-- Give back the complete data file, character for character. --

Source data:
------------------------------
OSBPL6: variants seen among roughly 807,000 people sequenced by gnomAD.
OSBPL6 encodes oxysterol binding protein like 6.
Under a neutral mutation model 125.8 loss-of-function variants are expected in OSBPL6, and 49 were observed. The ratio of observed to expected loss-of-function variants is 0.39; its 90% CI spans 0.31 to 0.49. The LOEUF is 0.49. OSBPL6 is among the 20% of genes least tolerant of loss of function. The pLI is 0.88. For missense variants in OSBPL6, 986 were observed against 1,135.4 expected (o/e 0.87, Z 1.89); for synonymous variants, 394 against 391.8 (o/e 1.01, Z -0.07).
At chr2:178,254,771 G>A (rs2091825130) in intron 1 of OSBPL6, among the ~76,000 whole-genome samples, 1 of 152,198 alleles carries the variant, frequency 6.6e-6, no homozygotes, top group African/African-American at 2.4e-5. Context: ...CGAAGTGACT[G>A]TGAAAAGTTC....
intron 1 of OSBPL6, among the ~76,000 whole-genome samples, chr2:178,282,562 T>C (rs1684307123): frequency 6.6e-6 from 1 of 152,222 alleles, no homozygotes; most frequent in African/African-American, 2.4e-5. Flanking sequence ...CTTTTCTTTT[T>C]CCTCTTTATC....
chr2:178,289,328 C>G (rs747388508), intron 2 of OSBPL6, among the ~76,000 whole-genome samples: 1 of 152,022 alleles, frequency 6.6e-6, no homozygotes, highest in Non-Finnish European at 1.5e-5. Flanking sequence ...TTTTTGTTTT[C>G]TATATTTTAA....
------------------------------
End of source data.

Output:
OSBPL6: variants seen among roughly 807,000 people sequenced by gnomAD.
OSBPL6 encodes oxysterol binding protein like 6.
Under a neutral mutation model 125.8 loss-of-function variants are expected in OSBPL6, and 49 were observed. The ratio of observed to expected loss-of-function variants is 0.39; its 90% CI spans 0.31 to 0.49. The LOEUF is 0.49. OSBPL6 is among the 20% of genes least tolerant of loss of function. The pLI is 0.88. For missense variants in OSBPL6, 986 were observed against 1,135.4 expected (o/e 0.87, Z 1.89); for synonymous variants, 394 against 391.8 (o/e 1.01, Z -0.07).
At chr2:178,254,771 G>A (rs2091825130) in intron 1 of OSBPL6, among the ~76,000 whole-genome samples, 1 of 152,198 alleles carries the variant, frequency 6.6e-6, no homozygotes, top group African/African-American at 2.4e-5. Context: ...CGAAGTGACT[G>A]TGAAAAGTTC....
intron 1 of OSBPL6, among the ~76,000 whole-genome samples, chr2:178,282,562 T>C (rs1684307123): frequency 6.6e-6 from 1 of 152,222 alleles, no homozygotes; most frequent in African/African-American, 2.4e-5. Flanking sequence ...CTTTTCTTTT[T>C]CCTCTTTATC....
chr2:178,289,328 C>G (rs747388508), intron 2 of OSBPL6, among the ~76,000 whole-genome samples: 1 of 152,022 alleles, frequency 6.6e-6, no homozygotes, highest in Non-Finnish European at 1.5e-5. Flanking sequence ...TTTTTGTTTT[C>G]TATATTTTAA....